England v Northern Ireland

The Lionesses made it three wins from three in their final game of Group A in front of a packed out crowd in Southampton. A game in which I was able to witness pitchside, completing my duties as a ball girl – taking in the noise of both sets of fans around me. It was Northern Ireland who had the first chance of the game, however Lauren Wade’s shot was saved comfortably by Mary Earps. England’s first goal came five minutes before half time,  through a spectacular Fran Kirby strike. Beth Mead added a goal just a few minutes later. Sarina Wiegman’s side – being led by assistant Arjan Veurink due to the absence of Wiegman – were quick off the mark in the second half as substitute Alessia Russo scored twice in a matter of minutes.  Northern Irish defender Kelsie Burrows had an attempted clearance end up in the back of her own net, giving England their 5th goal of the game. 


England v Spain

A spectacular extra time comeback in Brighton over Spain – who, for many were favourites to win the tournament – means England have booked their place in Tuesday night’s semi-final. Manager Sarina Wiegman was back on the sidelines after a positive covid test kept her out of the previous game in Southampton. England were first to have the ball in the back of the net as Ellen White tapped it home from close range, the goal was later ruled out due to defender Lucy Bronze being in an offside position. Spain deservedly found an opener as forward Esther Gonzalez slid the ball past the reach of Mary Earps. With just six minutes to go, substitute Ella Toone was able to bring the scores level – taking the game into extra time. Georgia Stanway was England’s saviour, as her strike was too powerful for goalkeeper Sandra Panos and made its way into the back of the net in the sixth minute of extra time.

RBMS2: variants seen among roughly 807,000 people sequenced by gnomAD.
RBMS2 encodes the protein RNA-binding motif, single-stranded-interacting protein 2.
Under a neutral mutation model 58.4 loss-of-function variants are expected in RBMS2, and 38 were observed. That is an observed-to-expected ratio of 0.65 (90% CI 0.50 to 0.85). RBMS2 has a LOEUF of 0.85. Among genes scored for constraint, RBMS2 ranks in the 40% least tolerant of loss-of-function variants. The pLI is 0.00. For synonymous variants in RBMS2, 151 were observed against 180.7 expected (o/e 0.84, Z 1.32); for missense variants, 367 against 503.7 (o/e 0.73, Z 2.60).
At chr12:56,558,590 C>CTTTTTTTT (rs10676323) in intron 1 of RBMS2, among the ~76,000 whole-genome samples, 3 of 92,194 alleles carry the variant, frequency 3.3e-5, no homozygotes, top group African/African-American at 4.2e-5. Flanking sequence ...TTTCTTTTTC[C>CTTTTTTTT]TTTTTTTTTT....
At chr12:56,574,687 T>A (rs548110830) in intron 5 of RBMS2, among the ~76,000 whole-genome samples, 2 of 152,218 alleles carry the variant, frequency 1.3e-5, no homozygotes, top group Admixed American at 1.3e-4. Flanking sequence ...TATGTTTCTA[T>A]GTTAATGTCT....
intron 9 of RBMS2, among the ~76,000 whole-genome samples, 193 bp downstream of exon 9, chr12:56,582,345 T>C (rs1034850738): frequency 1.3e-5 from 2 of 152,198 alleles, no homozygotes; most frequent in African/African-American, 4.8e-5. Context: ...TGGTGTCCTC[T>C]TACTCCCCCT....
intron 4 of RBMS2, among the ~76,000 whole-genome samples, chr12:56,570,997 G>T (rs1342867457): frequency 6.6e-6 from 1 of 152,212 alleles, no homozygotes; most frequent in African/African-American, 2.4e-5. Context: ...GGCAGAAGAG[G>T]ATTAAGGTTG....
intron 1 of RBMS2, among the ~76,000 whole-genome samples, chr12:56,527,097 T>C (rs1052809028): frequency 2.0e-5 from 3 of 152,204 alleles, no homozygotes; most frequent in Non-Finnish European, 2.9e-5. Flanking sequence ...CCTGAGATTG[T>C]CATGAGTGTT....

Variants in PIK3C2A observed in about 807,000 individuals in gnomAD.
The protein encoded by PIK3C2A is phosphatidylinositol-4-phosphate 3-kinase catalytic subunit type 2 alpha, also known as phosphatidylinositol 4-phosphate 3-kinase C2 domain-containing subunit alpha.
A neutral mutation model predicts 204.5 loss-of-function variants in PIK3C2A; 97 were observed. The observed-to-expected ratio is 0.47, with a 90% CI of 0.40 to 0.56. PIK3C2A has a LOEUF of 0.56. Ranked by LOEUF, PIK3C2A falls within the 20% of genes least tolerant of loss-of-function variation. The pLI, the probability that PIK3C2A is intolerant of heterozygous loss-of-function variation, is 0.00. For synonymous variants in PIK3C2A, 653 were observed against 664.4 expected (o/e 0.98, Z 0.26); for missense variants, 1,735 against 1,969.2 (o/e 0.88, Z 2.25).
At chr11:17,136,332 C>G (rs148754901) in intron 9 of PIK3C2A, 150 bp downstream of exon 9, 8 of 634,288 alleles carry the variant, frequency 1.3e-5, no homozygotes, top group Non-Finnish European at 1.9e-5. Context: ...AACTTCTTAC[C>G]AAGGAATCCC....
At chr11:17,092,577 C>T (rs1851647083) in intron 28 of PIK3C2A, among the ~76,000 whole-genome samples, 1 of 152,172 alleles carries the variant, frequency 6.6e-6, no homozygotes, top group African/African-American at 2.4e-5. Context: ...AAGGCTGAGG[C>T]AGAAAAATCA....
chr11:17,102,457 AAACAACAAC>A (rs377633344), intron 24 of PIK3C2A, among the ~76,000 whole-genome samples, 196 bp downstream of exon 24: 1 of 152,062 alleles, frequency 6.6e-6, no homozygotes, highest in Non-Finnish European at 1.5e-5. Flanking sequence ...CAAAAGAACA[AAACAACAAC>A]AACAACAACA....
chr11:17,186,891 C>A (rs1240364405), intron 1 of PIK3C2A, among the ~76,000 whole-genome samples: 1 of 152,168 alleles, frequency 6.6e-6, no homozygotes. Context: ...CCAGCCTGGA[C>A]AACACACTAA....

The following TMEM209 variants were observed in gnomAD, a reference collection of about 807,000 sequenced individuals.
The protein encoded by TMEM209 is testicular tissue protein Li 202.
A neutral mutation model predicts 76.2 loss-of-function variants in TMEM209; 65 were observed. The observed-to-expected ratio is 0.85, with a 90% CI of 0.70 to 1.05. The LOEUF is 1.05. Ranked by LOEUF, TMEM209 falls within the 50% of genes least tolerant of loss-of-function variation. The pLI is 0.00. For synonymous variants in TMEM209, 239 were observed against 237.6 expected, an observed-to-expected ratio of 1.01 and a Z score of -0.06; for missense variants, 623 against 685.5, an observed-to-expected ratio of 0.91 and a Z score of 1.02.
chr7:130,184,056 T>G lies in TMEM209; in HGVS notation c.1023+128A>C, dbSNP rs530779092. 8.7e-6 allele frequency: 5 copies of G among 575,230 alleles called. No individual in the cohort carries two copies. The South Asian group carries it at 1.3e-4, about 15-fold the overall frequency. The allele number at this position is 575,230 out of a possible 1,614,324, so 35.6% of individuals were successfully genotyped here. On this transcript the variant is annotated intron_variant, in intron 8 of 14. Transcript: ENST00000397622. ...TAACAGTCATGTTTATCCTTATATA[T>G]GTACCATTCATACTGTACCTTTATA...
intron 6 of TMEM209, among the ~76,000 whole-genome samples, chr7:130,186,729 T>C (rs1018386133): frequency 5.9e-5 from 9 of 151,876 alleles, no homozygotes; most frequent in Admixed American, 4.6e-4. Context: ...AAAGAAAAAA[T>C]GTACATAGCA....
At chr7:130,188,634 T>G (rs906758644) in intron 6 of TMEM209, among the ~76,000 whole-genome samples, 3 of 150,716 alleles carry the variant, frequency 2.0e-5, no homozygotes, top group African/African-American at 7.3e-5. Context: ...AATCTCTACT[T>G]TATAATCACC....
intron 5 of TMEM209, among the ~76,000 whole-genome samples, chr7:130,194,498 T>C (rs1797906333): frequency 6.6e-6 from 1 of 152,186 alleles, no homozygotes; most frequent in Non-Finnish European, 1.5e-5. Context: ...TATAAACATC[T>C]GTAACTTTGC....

England will now face Sweden on Tuesday 26th July at Sheffield United’s home – Bramall Lane. Sweden, who narrowly defeated Belgium in their quarter final, won the tournament previously. Last time the two sides met was during the 2019 FIFA Women’s World Cup – in the third place play off game. Goals from Kosovare Asllani and Sofia Jakobsson meant Sweden beat the Lionesses to the bronze medal. Tuesday’s game will be broadcast live on BBC One and streamed on BBC iPlayer. 


Next Up

The Lionesses face Sweden on Tuesday 26th July and will be hopeful of progressing to Sunday’s final.

Jess Deakin, Always Wolves Fan TV

My name is Jess Deakin, I’m 15 years old, and have been a season ticket holder at Wolves for 7 years. For the last 4 seasons, I’ve been following Wolves Women which is where my passion for women’s football began. 


  • youtube
  • facebook
  • instagram
  • twitter
  • tiktok